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A Golfer's Guide to Exotic Islands

Courtesy of One & Only The One & Only Le Touessrok Golf Course.

Photo: Courtesy of One & Only

Corsica • Napoleonic Outpost

Best known as the birthplace of Napoleon, Corsica is the fourth largest island in the Mediterranean. Though it’s twice as close to Italy as it is to France (fifty miles versus one hundred), the French have laid claim to Corsica since 1768, when the island was wrested from centuries of Italian rule by the Treaty of Versailles. Today, Corsica mixes both cultures into a distinctive stew, with most natives speaking neither Italian nor French but rather a local tongue. The southern town of Bonifacio claims the distinction of having been mentioned in Homer’s Odyssey as the site where cannibalistic Laestrygonians hurled stones at Odysseus’ fleet from the cliffs above. Much of the island is carpeted in maquis, a dense native underbrush that produces masses of fragrant flowers. Napoleon never returned to Corsica later in life, but while imprisoned in his final years he said he could smell the "scented isle."

Where to Play

Sperone Golf Club * * * * 1/2
Corsica’s only eighteen-hole course, Sperone sits atop headlands at the southern tip of the island, overlooking the Mediterranean and the tiny islands of Cavallo and Lavezzi as well as Sardinia across the Bonifacio Strait. The layout consists of twelve quality inland holes sculpted out of rocky gorse-choked hills and six positively striking ones strung out along the coast, where the water ranges from brilliant turquoise to military blue. The first brush with the sea comes at the par-four eleventh, a dogleg left that eases down to a bluff-top green. But it’s the final encounter, at the par-five sixteenth, that’s unforgettable. From the championship tee on a spit of land that juts out into the sea, you must carry the ball well over two hundred yards to reach the fairway. From there you can either play safe or go for broke with a fairway wood through trees and over another cove to get home in two. Rees Jones, whose father designed the course, calls it "one of the most spectacular coastal holes in the world."
Domain de Sperone, Bonifacio; 011-33/495-731-713; sperone.com. YARDAGE: 6,678. PAR: 72. GREENS FEES: $72-$109. ARCHITECT: Robert Trent Jones Sr., 1990.

Where to Stay

Most convenient for golfers is to rent one of the on-site villas of the Hameau de Piantarella (villas from $3,115; sperone.com) at Sperone. For a more traditional hotel experience in Bonifacio, just ten minutes from the course, try the Caravelle Hotel (rooms from $128; hotel-caravelle-corse.com). This twenty-eight-room charmer occupies a nineteenth-century family residence beside a marina and serves meals and cocktails in a vaulted fisherman’s chapel that dates back to the thirteenth century. Higher on the full-service luxury scale is the Grand Hotel de Cala Rossa (rooms from $221; hotel-calarossa.com), a Relais & Chateaux property five miles north of Porto-Vecchio on the southeastern coast, a scenic forty-five-minute drive from Sperone.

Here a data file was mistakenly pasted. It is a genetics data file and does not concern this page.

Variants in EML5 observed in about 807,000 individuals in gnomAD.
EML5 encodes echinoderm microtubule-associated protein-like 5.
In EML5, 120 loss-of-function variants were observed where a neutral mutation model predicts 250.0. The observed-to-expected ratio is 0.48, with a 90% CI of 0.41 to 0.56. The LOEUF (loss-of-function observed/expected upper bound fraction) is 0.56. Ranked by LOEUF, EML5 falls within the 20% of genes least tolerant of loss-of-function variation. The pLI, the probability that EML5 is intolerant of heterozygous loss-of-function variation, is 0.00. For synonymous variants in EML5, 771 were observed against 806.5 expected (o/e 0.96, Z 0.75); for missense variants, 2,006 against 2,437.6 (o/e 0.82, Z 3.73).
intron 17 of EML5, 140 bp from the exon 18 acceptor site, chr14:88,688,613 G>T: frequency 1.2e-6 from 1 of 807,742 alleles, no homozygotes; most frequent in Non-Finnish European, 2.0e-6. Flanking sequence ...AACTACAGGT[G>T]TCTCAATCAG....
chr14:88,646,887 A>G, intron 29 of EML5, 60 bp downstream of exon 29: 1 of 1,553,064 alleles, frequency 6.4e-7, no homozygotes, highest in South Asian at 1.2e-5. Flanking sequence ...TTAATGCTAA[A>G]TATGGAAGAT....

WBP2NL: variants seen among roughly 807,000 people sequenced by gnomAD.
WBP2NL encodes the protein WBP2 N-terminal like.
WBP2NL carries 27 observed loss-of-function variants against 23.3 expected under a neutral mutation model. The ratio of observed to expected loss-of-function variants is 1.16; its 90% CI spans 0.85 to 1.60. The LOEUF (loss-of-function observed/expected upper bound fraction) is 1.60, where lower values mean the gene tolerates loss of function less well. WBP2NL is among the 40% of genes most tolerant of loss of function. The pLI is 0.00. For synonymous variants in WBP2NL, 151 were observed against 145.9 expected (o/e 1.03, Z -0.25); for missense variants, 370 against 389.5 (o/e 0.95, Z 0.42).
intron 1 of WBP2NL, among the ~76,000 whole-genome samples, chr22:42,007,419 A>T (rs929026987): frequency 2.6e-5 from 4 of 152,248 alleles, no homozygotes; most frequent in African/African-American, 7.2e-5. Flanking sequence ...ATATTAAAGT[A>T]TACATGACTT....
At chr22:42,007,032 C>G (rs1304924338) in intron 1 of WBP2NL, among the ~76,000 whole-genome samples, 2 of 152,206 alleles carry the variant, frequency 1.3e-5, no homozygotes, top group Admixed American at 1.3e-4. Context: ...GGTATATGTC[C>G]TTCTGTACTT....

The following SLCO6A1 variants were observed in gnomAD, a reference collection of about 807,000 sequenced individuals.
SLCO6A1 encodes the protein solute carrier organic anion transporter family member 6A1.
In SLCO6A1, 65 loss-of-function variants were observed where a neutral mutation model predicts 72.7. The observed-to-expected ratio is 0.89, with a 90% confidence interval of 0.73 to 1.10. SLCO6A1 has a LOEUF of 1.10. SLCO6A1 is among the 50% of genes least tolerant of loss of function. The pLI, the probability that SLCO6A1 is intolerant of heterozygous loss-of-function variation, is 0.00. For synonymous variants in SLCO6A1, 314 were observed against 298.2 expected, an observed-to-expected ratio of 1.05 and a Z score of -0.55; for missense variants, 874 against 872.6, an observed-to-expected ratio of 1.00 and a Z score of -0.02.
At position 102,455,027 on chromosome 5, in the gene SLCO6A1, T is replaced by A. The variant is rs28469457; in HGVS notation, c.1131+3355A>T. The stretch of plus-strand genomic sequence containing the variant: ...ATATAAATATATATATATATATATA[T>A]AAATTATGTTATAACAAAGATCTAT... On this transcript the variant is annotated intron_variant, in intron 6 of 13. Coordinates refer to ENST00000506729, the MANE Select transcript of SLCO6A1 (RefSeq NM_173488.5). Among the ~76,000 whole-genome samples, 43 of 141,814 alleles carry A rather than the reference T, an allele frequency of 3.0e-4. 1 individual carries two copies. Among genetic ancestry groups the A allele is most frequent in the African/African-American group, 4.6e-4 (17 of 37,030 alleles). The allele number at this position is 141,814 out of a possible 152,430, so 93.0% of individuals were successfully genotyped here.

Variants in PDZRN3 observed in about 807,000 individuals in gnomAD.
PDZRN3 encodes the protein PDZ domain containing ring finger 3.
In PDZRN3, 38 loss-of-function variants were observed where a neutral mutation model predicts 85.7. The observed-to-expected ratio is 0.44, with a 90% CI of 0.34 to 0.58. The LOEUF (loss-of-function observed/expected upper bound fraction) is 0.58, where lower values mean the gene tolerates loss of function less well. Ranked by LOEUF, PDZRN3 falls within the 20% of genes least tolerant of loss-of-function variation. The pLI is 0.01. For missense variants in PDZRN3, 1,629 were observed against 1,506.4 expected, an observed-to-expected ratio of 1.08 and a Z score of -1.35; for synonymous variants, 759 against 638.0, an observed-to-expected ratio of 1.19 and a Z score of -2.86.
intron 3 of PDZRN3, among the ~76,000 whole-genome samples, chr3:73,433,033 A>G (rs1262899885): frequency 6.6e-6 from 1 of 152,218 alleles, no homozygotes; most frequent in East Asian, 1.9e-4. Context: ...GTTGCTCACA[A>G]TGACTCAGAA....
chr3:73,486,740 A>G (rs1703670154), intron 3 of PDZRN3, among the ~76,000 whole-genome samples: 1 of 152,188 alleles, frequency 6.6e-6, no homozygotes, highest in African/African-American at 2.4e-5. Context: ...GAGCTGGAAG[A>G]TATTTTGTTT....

Where to Eat

Corsica’s delectable cuisine centers on fresh fish, seafood stews, lamb, fig jam, chestnuts, brocciu (a ricotta-like cheese made from goat’s or sheep’s milk) and, perhaps best of all, various cuts and preparations of pork. Kissing Pigs (011-33/495-735-609), a harborside bistro in Bonifacio, specializes in marvelous local wines, cheeses and charcuterie. Four miles outside of town and built around giant boulders with tables that overlook the sea, Marina di Cavu (011-33/495-731-413) is a hugely memorable restaurant that’s part of a petite hotel of the same name. It won a "Bonne Table" distinction from Alain Ducasse in the guidebook Chateaux & Hotels de France.

Island Essentials

Getting There

Direct flights from London (Heathrow) and Paris (Orly) are available to all four of Corsica’s airports on carriers such as British Airways (ba.com) and Air France (airfrance.com). From London to Figari, which is closest to Sperone Golf Club, is three hours; from Paris, it’s just under two.

Other Attractions

The ever-present winds that blow through the Straits of Bonifacio make Corsica a windsurfer’s paradise. The island’s beaches are also quite popular. What’s even more outstanding, though, is the diving, thanks to the warm clear waters and the rich diversity of the seabed, especially red coral and yellow flowering anemone. For a sense of history, set aside time to explore the "haute village" high above the harbor in Bonifacio and the variety of tributes to Napoleon in Ajaccio.

—Joe Passov

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